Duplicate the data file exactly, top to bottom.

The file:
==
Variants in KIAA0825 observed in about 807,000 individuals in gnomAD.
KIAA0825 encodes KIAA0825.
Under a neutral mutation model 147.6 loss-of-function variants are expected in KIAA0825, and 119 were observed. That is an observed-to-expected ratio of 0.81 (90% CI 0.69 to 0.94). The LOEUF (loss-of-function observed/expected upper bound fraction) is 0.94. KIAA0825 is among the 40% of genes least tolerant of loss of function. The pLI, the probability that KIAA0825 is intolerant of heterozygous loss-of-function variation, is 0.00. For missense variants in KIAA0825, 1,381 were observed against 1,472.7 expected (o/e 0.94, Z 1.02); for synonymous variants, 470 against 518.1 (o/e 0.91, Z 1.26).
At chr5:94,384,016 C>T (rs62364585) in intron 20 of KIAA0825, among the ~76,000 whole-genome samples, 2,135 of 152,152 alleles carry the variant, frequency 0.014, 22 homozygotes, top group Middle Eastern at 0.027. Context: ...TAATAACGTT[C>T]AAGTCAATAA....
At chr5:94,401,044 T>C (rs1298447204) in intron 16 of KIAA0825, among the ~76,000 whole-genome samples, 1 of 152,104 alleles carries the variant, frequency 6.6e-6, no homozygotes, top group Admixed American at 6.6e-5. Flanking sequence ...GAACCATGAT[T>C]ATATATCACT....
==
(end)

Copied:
Variants in KIAA0825 observed in about 807,000 individuals in gnomAD.
KIAA0825 encodes KIAA0825.
Under a neutral mutation model 147.6 loss-of-function variants are expected in KIAA0825, and 119 were observed. That is an observed-to-expected ratio of 0.81 (90% CI 0.69 to 0.94). The LOEUF (loss-of-function observed/expected upper bound fraction) is 0.94. KIAA0825 is among the 40% of genes least tolerant of loss of function. The pLI, the probability that KIAA0825 is intolerant of heterozygous loss-of-function variation, is 0.00. For missense variants in KIAA0825, 1,381 were observed against 1,472.7 expected (o/e 0.94, Z 1.02); for synonymous variants, 470 against 518.1 (o/e 0.91, Z 1.26).
At chr5:94,384,016 C>T (rs62364585) in intron 20 of KIAA0825, among the ~76,000 whole-genome samples, 2,135 of 152,152 alleles carry the variant, frequency 0.014, 22 homozygotes, top group Middle Eastern at 0.027. Context: ...TAATAACGTT[C>T]AAGTCAATAA....
At chr5:94,401,044 T>C (rs1298447204) in intron 16 of KIAA0825, among the ~76,000 whole-genome samples, 1 of 152,104 alleles carries the variant, frequency 6.6e-6, no homozygotes, top group Admixed American at 6.6e-5. Flanking sequence ...GAACCATGAT[T>C]ATATATCACT....